The consequence of avoiding the dark lake, if it’s your time to run out of road, is ducking out of what it means to be the human being you are meant to be, and instead spending your life dithering, in muted terror and ritually displaced rage, on the accumulating thresholds of psychic maturity. Finally I grasp the prevailing childishness observed in contemporary civilized psyches. Bereft of guidance through its waters, people are left stranded, like children without parameters or capacity for discrimination, feeling the violent surge in themselves but afraid of drowning in what they have been led to believe is a shapeless, borderless morass of pure evil; ignorant of the fact that the right rope and helping hand might – it’s only ever might, mind – have got them safely across the particular stretch that they were facing, and so on to the next stage.

Always there are people who manage somehow to forge, sucked under, across the dark lake. Some discover or have the fortunate instinct to sense that there is a journey to make, and manage to locate whatever maps and guidance they need. Most of the people known to me who’ve made it (are making it), were driven by some unasked-for suffering, often combined with an insistent creative gift. Hard lore and support for navigating the dark lake is still here; even from a certain perspective increasing, in visibility and refinement – although it pays to be wary of those who promise to lead you deep across the lake, only to apply a blindfold and lure you down some shortcut. Yet the fact remains that anyone who undertakes the crossing from inside modern civilization will be forced against the grain of her own culture, with all the additional risks that that piles upon an already risk-fraught undertaking.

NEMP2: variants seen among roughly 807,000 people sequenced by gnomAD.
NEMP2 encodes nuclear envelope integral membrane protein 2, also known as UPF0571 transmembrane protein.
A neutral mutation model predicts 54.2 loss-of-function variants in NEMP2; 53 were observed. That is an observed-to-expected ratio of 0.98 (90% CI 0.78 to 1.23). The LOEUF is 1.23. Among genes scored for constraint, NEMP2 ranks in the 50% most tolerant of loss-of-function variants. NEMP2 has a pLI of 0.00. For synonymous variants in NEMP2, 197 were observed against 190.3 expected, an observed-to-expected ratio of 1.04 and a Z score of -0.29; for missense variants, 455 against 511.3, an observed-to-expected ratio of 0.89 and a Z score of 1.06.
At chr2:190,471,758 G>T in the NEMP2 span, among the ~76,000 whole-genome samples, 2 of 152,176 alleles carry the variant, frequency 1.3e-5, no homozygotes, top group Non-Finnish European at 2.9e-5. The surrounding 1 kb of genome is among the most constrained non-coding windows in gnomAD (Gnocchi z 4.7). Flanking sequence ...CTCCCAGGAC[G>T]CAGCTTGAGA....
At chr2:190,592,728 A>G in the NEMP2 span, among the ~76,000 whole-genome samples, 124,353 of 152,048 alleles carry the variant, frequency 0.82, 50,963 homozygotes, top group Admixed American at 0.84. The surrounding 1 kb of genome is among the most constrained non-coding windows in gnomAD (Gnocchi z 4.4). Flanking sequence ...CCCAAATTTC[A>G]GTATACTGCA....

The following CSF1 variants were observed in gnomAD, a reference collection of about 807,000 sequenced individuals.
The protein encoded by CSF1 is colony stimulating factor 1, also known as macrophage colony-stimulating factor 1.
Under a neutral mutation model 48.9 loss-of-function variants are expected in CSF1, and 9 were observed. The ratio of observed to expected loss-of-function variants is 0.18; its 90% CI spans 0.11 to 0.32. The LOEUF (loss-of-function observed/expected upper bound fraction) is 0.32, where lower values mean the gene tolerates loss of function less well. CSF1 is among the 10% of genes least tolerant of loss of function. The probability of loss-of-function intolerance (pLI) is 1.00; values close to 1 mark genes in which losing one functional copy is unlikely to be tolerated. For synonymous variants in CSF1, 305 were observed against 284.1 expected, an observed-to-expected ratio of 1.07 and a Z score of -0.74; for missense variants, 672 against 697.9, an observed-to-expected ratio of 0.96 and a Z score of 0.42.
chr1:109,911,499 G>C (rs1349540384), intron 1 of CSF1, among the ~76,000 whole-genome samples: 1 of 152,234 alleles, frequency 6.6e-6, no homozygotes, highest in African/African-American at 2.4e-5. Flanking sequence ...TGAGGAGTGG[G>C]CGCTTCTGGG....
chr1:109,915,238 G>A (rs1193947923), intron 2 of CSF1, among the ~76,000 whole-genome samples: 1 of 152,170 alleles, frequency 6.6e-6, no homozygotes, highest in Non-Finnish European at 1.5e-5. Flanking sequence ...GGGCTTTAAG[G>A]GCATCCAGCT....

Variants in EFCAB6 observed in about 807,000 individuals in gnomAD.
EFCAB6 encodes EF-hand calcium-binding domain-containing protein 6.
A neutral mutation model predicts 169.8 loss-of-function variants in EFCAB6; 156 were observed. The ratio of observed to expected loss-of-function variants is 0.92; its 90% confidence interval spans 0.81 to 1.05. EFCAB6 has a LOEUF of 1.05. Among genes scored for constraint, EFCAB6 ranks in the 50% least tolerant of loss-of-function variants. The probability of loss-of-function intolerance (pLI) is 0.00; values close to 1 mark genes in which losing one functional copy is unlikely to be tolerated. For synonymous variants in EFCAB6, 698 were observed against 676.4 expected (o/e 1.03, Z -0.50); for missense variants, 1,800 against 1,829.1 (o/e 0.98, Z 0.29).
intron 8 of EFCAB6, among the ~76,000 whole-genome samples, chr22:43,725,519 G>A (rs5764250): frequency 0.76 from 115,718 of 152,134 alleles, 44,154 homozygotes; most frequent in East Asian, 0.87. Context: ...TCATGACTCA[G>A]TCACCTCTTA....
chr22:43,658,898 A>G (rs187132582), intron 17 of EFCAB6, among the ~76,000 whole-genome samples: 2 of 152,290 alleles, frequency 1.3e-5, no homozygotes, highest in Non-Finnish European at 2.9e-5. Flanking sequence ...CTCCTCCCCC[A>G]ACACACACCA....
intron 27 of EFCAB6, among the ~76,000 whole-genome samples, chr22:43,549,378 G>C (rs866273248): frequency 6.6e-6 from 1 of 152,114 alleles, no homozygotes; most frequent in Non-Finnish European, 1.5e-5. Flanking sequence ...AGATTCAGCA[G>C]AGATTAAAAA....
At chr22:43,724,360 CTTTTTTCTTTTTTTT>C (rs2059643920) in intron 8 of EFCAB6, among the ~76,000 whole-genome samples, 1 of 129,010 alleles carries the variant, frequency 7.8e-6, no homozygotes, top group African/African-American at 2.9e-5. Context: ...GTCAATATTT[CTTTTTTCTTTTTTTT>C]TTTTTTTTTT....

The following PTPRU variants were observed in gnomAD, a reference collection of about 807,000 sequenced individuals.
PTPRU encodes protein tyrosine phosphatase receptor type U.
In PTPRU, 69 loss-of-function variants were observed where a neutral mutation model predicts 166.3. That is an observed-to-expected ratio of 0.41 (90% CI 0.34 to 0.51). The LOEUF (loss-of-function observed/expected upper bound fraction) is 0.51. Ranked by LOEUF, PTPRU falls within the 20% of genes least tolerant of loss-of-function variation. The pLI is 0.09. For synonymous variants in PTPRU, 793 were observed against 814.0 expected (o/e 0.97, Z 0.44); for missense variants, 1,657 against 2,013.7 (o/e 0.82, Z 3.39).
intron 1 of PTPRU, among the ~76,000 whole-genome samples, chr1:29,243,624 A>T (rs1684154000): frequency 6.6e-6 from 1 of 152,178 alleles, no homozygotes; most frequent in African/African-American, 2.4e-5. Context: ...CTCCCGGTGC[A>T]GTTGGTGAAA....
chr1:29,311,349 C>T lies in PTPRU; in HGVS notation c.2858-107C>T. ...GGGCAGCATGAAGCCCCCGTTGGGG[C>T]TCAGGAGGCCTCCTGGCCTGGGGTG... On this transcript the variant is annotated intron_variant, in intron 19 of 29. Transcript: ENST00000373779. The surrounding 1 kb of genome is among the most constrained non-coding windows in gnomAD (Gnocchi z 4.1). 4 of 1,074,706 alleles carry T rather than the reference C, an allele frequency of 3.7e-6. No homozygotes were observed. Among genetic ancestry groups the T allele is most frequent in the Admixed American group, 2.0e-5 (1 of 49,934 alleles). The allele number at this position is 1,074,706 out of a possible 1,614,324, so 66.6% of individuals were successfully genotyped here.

Nothing in this lamentation feels original; what I do feel acutely is the pressure increasing, as the props of the civilized world totter, and people who so deeply believe themselves lambs without spot, safely cushioned by some out-of-sight-out-of-mind elsewhere to export their darkness, weakness and waste to, literally have no vantage from which to look into themselves which is less terrifying than the alternative: keep denying, keep jeering, keep blaming someone – anyone – else.


This post brings me to a crossing: I’m taking a wee break from here. Creeping computer use has crept up on me as back pain, and until I can reorganise the ergonomics of my space, long stretches at a keyboard are off bounds. I’ve been delighted, though, to have so many visitors dropping by; thank you all for looking and reading and I hope you will bear with me in my absence.


One thought on “The Dark Lake

  1. Tony,Thanks so much for this response. It’s really helpful to remember these good reasons for taking advantage of the on-line world, while it is still with us. I’m going through a very similar phase with social media in fact: I find it so hugely enriching, being provoked into new areas of easily-accessible knowledge and contact with like-directioned souls, and I feel very at home with the discipline of the blog format. At the same time, the same feeling of scatty, obsessive behaviour taking over; and the too-muchness of trying to keep up – the flipside of riding the spontaneity. Resulting in my computer use creeping up, and because I’d got used to perching on the sofa I was asking for trouble! Hoping that the break will be short, and indeed conducive to getting back to poetry, which I can pursue better with pen and paper. Also, for the spontaneous manifestation of an ergonomic chair 🙂